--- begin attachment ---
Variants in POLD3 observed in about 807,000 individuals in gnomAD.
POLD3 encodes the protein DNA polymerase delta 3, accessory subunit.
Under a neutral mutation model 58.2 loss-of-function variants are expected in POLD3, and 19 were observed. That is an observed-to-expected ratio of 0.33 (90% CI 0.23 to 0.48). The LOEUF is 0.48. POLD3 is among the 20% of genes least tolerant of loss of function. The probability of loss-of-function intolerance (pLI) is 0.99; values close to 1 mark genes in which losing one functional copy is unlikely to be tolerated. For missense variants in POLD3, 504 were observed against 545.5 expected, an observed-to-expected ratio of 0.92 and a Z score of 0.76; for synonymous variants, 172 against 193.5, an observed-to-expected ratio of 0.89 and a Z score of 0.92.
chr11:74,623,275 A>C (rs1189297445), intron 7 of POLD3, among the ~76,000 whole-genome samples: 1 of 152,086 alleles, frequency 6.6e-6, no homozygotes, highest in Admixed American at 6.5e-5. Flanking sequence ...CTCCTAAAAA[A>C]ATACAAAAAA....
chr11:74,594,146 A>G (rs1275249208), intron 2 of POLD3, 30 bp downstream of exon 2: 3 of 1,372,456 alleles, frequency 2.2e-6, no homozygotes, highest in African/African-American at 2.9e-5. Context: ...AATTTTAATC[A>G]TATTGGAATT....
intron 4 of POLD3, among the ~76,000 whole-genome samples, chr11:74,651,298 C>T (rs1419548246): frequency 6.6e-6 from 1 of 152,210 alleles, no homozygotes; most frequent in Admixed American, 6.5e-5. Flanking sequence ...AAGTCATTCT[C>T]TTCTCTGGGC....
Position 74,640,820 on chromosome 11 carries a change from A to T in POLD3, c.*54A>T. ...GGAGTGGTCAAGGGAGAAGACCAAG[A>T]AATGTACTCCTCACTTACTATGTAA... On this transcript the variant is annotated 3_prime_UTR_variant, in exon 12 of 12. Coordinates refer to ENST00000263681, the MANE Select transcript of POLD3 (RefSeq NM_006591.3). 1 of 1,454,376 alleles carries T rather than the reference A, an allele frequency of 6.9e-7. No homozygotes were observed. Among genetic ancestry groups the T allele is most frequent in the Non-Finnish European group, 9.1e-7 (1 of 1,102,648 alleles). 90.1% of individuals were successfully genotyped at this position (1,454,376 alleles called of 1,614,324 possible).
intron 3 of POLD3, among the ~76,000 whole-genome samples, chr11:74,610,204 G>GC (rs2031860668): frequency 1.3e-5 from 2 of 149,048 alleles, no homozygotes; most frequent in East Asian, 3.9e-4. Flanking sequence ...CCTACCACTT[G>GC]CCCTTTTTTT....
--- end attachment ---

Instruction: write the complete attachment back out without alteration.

Variants in POLD3 observed in about 807,000 individuals in gnomAD.
POLD3 encodes the protein DNA polymerase delta 3, accessory subunit.
Under a neutral mutation model 58.2 loss-of-function variants are expected in POLD3, and 19 were observed. That is an observed-to-expected ratio of 0.33 (90% CI 0.23 to 0.48). The LOEUF is 0.48. POLD3 is among the 20% of genes least tolerant of loss of function. The probability of loss-of-function intolerance (pLI) is 0.99; values close to 1 mark genes in which losing one functional copy is unlikely to be tolerated. For missense variants in POLD3, 504 were observed against 545.5 expected, an observed-to-expected ratio of 0.92 and a Z score of 0.76; for synonymous variants, 172 against 193.5, an observed-to-expected ratio of 0.89 and a Z score of 0.92.
chr11:74,623,275 A>C (rs1189297445), intron 7 of POLD3, among the ~76,000 whole-genome samples: 1 of 152,086 alleles, frequency 6.6e-6, no homozygotes, highest in Admixed American at 6.5e-5. Flanking sequence ...CTCCTAAAAA[A>C]ATACAAAAAA....
chr11:74,594,146 A>G (rs1275249208), intron 2 of POLD3, 30 bp downstream of exon 2: 3 of 1,372,456 alleles, frequency 2.2e-6, no homozygotes, highest in African/African-American at 2.9e-5. Context: ...AATTTTAATC[A>G]TATTGGAATT....
intron 4 of POLD3, among the ~76,000 whole-genome samples, chr11:74,651,298 C>T (rs1419548246): frequency 6.6e-6 from 1 of 152,210 alleles, no homozygotes; most frequent in Admixed American, 6.5e-5. Flanking sequence ...AAGTCATTCT[C>T]TTCTCTGGGC....
Position 74,640,820 on chromosome 11 carries a change from A to T in POLD3, c.*54A>T. ...GGAGTGGTCAAGGGAGAAGACCAAG[A>T]AATGTACTCCTCACTTACTATGTAA... On this transcript the variant is annotated 3_prime_UTR_variant, in exon 12 of 12. Coordinates refer to ENST00000263681, the MANE Select transcript of POLD3 (RefSeq NM_006591.3). 1 of 1,454,376 alleles carries T rather than the reference A, an allele frequency of 6.9e-7. No homozygotes were observed. Among genetic ancestry groups the T allele is most frequent in the Non-Finnish European group, 9.1e-7 (1 of 1,102,648 alleles). 90.1% of individuals were successfully genotyped at this position (1,454,376 alleles called of 1,614,324 possible).
intron 3 of POLD3, among the ~76,000 whole-genome samples, chr11:74,610,204 G>GC (rs2031860668): frequency 1.3e-5 from 2 of 149,048 alleles, no homozygotes; most frequent in East Asian, 3.9e-4. Flanking sequence ...CCTACCACTT[G>GC]CCCTTTTTTT....